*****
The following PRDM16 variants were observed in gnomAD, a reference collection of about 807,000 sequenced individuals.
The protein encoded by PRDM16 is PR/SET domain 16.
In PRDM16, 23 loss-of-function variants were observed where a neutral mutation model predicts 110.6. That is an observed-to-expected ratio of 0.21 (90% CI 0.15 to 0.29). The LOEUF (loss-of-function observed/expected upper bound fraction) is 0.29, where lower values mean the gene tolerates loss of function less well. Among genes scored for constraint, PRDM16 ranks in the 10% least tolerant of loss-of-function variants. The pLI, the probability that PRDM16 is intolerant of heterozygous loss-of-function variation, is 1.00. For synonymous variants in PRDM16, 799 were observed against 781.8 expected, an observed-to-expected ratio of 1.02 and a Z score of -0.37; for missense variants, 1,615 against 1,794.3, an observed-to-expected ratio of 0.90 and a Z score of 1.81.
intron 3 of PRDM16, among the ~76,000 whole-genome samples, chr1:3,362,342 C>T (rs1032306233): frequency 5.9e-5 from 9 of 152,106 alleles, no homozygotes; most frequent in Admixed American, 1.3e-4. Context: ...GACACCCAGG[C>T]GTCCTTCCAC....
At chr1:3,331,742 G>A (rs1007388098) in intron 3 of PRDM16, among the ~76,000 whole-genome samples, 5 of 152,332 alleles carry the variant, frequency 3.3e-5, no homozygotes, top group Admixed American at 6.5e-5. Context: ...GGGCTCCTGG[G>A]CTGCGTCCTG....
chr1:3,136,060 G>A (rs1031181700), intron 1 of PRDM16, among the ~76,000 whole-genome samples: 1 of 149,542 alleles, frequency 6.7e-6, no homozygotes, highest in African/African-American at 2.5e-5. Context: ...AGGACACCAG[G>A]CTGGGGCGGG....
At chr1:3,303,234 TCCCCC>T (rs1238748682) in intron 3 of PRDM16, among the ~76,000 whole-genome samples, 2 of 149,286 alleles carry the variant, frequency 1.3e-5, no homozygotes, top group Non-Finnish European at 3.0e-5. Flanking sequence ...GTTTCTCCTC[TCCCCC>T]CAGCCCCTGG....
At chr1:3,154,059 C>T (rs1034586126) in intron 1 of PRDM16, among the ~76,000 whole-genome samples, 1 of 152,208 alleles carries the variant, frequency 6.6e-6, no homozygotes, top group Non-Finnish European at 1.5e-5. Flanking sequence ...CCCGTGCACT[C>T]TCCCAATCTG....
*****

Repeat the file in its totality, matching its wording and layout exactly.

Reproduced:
The following PRDM16 variants were observed in gnomAD, a reference collection of about 807,000 sequenced individuals.
The protein encoded by PRDM16 is PR/SET domain 16.
In PRDM16, 23 loss-of-function variants were observed where a neutral mutation model predicts 110.6. That is an observed-to-expected ratio of 0.21 (90% CI 0.15 to 0.29). The LOEUF (loss-of-function observed/expected upper bound fraction) is 0.29, where lower values mean the gene tolerates loss of function less well. Among genes scored for constraint, PRDM16 ranks in the 10% least tolerant of loss-of-function variants. The pLI, the probability that PRDM16 is intolerant of heterozygous loss-of-function variation, is 1.00. For synonymous variants in PRDM16, 799 were observed against 781.8 expected, an observed-to-expected ratio of 1.02 and a Z score of -0.37; for missense variants, 1,615 against 1,794.3, an observed-to-expected ratio of 0.90 and a Z score of 1.81.
intron 3 of PRDM16, among the ~76,000 whole-genome samples, chr1:3,362,342 C>T (rs1032306233): frequency 5.9e-5 from 9 of 152,106 alleles, no homozygotes; most frequent in Admixed American, 1.3e-4. Context: ...GACACCCAGG[C>T]GTCCTTCCAC....
At chr1:3,331,742 G>A (rs1007388098) in intron 3 of PRDM16, among the ~76,000 whole-genome samples, 5 of 152,332 alleles carry the variant, frequency 3.3e-5, no homozygotes, top group Admixed American at 6.5e-5. Context: ...GGGCTCCTGG[G>A]CTGCGTCCTG....
chr1:3,136,060 G>A (rs1031181700), intron 1 of PRDM16, among the ~76,000 whole-genome samples: 1 of 149,542 alleles, frequency 6.7e-6, no homozygotes, highest in African/African-American at 2.5e-5. Context: ...AGGACACCAG[G>A]CTGGGGCGGG....
At chr1:3,303,234 TCCCCC>T (rs1238748682) in intron 3 of PRDM16, among the ~76,000 whole-genome samples, 2 of 149,286 alleles carry the variant, frequency 1.3e-5, no homozygotes, top group Non-Finnish European at 3.0e-5. Flanking sequence ...GTTTCTCCTC[TCCCCC>T]CAGCCCCTGG....
At chr1:3,154,059 C>T (rs1034586126) in intron 1 of PRDM16, among the ~76,000 whole-genome samples, 1 of 152,208 alleles carries the variant, frequency 6.6e-6, no homozygotes, top group Non-Finnish European at 1.5e-5. Flanking sequence ...CCCGTGCACT[C>T]TCCCAATCTG....